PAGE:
The Jewish community on the British Rock of Gibraltar reached its height in the nineteenth century, when it numbered nearly 2,000, comprising more than ten percent of the general civilian popula- tion. At the time this ketubbah was produced most of Gibraltar’s retail trade was conducted by the local Sephardic community; many of its members came from the adjacent parts of North Africa.
Following other Sephardic communities, Gibraltar’s Jews excelled in the art of ketubbah decoration. Contracts were written on large pieces of parchment and ornamented in bright colors. By the second half of the nineteenth century Gibraltar developed its own characteristic and readily identifiable type of decoration.
The present Gibraltar contract belongs to an early period of local ketubbah decoration, though some of its features foretell later developments. The upper section depicts a pair of lions crouched back-to-back, overlaid with circles containing the abbreviated Ten Commandments. The composition is reminiscent of the top of Torah arks and indeed it is topped with a crown, intended as a Torah Crown. This motif, typical of later Gibraltar ketubbot, was often modeled on the British royal crown. The crouching lions are flanked by vases of flowers. In the side borders, beneath theatrical drapery and trumpets suspended from ribbons, fanciful column bases are surmounted by urns.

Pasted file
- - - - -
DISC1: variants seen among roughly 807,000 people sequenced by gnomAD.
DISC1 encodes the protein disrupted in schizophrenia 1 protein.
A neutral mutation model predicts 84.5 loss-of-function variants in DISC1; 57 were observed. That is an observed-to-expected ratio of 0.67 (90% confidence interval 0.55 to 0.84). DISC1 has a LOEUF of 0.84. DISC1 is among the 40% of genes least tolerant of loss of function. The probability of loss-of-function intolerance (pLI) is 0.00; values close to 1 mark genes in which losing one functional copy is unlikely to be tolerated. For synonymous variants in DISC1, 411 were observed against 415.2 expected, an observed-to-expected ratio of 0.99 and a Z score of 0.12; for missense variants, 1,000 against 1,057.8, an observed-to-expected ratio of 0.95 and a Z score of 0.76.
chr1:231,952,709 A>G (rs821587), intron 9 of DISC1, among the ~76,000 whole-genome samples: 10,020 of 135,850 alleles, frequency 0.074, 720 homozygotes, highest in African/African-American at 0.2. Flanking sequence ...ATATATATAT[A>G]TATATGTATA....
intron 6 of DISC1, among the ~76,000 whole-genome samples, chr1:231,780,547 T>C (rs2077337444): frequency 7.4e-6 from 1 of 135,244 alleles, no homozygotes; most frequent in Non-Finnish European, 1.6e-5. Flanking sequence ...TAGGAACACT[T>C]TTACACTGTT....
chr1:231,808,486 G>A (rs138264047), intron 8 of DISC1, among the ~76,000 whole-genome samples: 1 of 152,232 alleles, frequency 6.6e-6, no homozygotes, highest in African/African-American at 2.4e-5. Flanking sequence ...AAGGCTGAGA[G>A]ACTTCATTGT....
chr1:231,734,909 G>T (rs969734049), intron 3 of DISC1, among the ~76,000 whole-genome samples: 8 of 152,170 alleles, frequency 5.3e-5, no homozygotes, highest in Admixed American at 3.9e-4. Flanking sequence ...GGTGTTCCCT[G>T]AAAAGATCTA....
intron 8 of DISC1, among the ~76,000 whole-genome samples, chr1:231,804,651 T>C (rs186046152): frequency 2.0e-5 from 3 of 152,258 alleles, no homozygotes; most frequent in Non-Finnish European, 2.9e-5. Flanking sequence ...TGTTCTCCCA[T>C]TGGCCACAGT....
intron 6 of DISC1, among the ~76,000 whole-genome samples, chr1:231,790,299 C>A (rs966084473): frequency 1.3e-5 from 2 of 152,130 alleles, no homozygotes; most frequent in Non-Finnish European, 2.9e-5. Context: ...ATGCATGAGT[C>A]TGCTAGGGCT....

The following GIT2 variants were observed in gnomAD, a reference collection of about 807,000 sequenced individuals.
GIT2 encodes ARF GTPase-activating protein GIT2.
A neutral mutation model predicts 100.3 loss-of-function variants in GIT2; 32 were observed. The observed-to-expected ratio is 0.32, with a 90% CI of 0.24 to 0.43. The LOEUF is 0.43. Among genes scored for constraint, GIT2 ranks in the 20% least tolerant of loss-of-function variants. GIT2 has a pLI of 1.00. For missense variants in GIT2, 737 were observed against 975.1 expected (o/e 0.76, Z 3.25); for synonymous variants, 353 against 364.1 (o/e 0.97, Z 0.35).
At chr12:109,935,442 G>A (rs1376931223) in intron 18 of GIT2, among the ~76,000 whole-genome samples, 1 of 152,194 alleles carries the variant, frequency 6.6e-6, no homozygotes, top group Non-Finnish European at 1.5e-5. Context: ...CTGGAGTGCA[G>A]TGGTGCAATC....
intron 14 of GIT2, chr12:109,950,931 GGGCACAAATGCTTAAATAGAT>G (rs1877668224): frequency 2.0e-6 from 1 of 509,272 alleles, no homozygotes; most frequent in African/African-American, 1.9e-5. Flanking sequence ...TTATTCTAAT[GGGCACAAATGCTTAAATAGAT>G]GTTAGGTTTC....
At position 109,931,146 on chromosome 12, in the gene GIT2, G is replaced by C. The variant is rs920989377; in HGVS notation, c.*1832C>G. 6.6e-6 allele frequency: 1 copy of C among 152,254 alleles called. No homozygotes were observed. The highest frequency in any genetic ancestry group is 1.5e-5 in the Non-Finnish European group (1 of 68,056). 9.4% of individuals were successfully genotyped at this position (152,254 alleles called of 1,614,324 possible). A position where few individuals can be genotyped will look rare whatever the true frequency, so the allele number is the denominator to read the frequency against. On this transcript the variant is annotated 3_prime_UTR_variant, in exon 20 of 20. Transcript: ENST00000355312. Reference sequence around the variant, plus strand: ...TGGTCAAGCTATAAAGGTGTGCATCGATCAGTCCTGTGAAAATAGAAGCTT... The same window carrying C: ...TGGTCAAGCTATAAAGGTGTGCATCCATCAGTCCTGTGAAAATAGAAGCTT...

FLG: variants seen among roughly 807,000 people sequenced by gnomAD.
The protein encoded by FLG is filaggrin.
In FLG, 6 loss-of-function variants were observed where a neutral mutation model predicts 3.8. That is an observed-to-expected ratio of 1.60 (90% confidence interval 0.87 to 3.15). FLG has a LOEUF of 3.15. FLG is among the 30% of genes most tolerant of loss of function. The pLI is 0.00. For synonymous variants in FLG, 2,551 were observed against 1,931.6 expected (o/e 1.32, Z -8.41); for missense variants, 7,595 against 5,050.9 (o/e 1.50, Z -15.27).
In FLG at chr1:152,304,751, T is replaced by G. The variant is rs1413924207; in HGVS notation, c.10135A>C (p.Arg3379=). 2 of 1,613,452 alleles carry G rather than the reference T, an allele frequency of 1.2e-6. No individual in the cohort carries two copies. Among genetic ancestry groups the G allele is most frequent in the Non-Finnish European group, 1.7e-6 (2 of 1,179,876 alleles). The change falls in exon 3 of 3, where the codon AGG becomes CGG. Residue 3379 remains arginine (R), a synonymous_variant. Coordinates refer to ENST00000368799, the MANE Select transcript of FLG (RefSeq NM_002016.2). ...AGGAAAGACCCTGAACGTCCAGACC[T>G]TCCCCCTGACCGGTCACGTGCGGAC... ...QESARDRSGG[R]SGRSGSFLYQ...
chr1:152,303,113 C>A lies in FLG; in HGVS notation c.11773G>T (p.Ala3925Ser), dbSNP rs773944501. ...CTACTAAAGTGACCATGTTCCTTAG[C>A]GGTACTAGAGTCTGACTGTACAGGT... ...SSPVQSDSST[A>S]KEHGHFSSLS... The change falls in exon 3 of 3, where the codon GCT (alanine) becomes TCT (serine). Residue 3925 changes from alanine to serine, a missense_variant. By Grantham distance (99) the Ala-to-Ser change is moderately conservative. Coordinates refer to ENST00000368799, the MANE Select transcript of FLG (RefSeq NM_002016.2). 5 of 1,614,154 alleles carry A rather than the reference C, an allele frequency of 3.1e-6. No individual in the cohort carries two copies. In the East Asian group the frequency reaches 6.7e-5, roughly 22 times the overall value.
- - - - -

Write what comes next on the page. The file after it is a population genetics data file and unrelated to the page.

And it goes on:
Several elements in the marriage contract are charac- teristic of Gibraltar ketubbot. The initial word of the wedding day, Wednesday, as was common, is enlarged and ornamented. The sum of the dowry and increment is a factor of eighteen, the number that is also the propitious word hai, written here in monumental letters amid small cursive script. Also typical of Gibraltar is the ornamental Latin monogram at bottom center. Comprising the letters S J B, it refers to the bridal couple’s first (Solomon, Judith) and last (Benoleil) initials. This feature is also found in Moroccan ketubbot, as are the section with Sephardic conditions, and the request that God take revenge for the expulsion of the Jews from Castile (cat. no. 76).
Gibraltar, Wednesday, 4 Tevet 5583 (18 December 1822)
Bridegroom: Solomon, son of Judah, son of Solomon, son of Judah, called Benoleil
Bride: Judith, daughter of the late Abraham, son of Solomon, son of Judah, called Benoleil
Dowry: increment (indicated first): 600 pesos fuertes, Spanish coinage, and as a gift he added a piece of land measuring 400 cubits, and additional 600 pesos fuertes; dowry: 600 pesos worth of clothing, jewelry, and bed linen; total obligation: 1800 pesos fuertes
Parchment, 666 × 5567 mm (26.2 × 22.3 in.)
Braginsky Collection Ketubbah 21